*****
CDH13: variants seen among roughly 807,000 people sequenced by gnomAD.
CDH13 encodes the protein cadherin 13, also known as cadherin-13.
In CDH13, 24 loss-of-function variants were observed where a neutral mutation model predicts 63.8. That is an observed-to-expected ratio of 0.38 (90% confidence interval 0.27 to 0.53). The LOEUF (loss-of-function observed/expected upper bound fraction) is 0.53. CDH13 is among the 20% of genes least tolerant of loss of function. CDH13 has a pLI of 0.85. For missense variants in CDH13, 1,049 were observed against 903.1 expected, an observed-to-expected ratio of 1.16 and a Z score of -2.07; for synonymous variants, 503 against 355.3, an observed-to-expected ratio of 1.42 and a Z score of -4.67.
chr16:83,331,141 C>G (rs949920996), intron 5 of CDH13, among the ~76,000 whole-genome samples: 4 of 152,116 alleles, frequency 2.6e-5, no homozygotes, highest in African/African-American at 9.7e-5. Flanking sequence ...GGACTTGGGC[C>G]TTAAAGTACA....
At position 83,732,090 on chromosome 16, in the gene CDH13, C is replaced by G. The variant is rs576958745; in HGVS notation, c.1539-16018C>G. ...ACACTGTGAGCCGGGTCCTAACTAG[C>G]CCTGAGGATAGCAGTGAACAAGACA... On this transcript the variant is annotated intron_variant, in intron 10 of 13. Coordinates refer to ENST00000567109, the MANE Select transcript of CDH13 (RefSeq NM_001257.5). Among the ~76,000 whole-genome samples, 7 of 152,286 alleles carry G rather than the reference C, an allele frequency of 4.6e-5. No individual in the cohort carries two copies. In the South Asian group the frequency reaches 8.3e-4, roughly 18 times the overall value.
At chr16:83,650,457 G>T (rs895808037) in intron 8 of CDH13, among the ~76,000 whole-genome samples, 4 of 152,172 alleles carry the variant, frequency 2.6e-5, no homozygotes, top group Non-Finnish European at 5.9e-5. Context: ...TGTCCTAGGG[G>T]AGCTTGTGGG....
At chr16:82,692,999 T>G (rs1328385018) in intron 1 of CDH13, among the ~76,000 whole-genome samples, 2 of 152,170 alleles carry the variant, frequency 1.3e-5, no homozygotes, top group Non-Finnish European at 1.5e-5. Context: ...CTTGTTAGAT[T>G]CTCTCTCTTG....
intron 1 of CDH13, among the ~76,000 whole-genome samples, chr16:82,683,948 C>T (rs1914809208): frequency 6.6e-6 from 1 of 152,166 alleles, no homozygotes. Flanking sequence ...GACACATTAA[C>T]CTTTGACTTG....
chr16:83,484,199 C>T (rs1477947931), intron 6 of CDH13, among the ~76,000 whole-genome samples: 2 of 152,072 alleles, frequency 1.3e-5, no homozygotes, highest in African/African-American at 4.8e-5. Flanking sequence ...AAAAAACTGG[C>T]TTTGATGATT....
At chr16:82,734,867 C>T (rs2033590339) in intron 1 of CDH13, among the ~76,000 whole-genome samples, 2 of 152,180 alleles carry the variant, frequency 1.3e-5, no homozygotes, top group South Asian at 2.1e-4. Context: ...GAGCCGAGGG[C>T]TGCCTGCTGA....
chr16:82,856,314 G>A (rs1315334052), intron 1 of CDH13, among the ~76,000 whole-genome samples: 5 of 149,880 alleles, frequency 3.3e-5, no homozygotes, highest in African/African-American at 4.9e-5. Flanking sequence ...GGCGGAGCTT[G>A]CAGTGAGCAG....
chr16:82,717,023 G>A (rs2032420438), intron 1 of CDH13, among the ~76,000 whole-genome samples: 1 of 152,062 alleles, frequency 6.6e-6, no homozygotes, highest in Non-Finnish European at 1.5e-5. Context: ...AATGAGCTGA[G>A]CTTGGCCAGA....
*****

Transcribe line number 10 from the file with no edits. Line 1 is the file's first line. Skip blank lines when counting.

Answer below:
At chr16:82,734,867 C>T (rs2033590339) in intron 1 of CDH13, among the ~76,000 whole-genome samples, 2 of 152,180 alleles carry the variant, frequency 1.3e-5, no homozygotes, top group South Asian at 2.1e-4. Context: ...GAGCCGAGGG[C>T]TGCCTGCTGA....